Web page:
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“My Name” by Sandra Cisneros

In English my name means hope. In Spanish it means too many letters. It means

sadness, it means waiting. It is like the number nine. A muddy color. It is the Mexican

records my father plays on Sunday mornings when he is shaving, songs like sobbing.

It was my great-grandmother’s name and now it is mine. She was a horse woman

too, born like me in the Chinese year of the horse – which is supposed to be bad luck if

you are born female—but I think this is a Chinese lie because the Chinese, like the

Mexicans, don’t like their women strong.

My great-grandmother – I would’ve liked to have known her, a wild horse of a

woman, so wild she wouldn’t marry. Until my great-grandfather threw a sack over her

head and carried her off. Just like that, as if she were a fancy chandelier. That’s the way

he did it, and the story goes she never forgave him. She looked out the window her

whole life, the way so many women sit their sadness on an elbow. I wonder if she made

the best with what she got or was she sorry because she couldn’t be all the things she

wanted to be. Esperanza. I have inherited her name, but I don’t want to inherit her place

by the window.

At school they say my name funny as if the syllables were made out of tin and

hurt the roof of your mouth. But in Spanish my name is made out of a softer something,

like silver, not quite as thick as sister’s name—Magdalena—which is uglier than mine.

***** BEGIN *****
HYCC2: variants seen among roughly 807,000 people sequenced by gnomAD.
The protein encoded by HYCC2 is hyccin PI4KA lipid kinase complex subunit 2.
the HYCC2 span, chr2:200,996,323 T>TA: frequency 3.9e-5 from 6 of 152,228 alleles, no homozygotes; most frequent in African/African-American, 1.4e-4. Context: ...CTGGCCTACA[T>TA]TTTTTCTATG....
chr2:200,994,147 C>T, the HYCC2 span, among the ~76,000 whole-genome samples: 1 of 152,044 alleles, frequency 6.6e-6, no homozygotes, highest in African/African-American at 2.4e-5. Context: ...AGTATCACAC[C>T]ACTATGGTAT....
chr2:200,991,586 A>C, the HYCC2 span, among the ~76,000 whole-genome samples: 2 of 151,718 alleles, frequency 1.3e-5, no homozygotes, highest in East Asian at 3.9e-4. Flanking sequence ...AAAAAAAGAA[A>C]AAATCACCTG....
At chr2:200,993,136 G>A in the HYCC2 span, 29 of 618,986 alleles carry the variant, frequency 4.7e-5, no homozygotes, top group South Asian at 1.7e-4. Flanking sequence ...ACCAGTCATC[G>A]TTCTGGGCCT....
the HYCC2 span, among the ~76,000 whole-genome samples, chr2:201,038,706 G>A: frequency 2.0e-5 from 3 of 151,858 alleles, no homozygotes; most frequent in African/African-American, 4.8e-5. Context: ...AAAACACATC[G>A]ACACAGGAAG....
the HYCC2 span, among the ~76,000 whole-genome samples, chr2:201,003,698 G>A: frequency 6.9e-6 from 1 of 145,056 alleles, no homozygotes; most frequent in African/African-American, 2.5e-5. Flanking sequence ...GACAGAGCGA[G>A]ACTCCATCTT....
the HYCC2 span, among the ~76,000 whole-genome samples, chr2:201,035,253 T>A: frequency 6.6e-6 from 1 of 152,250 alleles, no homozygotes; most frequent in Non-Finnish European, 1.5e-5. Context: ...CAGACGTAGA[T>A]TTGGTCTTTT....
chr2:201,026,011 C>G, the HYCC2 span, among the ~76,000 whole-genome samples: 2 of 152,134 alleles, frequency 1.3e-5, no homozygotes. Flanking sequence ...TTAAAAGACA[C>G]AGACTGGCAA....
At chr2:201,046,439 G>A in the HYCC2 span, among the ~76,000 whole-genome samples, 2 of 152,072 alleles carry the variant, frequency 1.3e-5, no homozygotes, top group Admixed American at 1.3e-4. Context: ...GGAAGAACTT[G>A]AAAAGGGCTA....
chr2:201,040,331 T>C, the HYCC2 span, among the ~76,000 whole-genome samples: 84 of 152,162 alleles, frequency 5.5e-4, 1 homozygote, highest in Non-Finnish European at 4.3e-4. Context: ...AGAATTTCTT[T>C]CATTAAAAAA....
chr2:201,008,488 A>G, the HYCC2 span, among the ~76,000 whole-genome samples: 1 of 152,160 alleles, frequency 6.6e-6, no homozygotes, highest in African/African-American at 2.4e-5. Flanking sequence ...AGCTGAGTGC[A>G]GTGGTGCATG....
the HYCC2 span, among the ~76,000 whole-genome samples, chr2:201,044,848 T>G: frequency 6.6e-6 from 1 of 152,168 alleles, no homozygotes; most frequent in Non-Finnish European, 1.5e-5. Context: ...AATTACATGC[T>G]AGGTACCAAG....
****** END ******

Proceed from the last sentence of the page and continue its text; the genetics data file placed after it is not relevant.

Magdalena who at least can come home and become Nenny. But I am always Esperanza.

I would like to baptize myself under a new name, a name more like the real me,

the one nobody sees. Esperanza as Lisandra or Maritza or Zeze the X will do.

Cisneros, Sandra. The House on Mango Street. New York: Vintage, 1991.
Name Essay

Using the excerpt from Sandra Cisneros’ novel The House on Mango Street as a model,
write an imaginative/descriptive narrative that uses your name as a vehicle for sharing
something more important about you. Below are some points to consider as you develop
your piece. You do not have to respond to all of these or any of them if you have another
approach in mind.
 Do you know why your parents chose your name? Do you match up with
 Does it have special family significance?
 After whom are you named? How do you feel about that naming?
 Do you know what your name means? How does its meaning match up with your
perception or goals for yourself?
 Do you have any nicknames? Are you more or less comfortable with them than
your given name? Why?
 Do you like your name? Have you ever wished you had a different name?
 What analogies can be used to describe your name?
 What imagery or figurative language can be used to describe your name, its sound
and/or your feelings about it?
 How well does your name fit your personality?
Focus Correction Areas

 10 Format – One to two pages with your first name written at the top of the page
in a manner that makes it prominent. Includes a picture of you that demonstrates
forethought and/or creative effort.

 10 Focus – Creates a central impression that explores who you are beyond your
name itself – this is the key to your essay’s efficacy!

 30 Style and Content – Uses figurative language and sensory detail (simile,
metaphor, personification, etc.) Underline at least five figures of speech.

 10 Conventions – Uses proper grammar and mechanics – Apostrophe rules


followed

 60 Points Total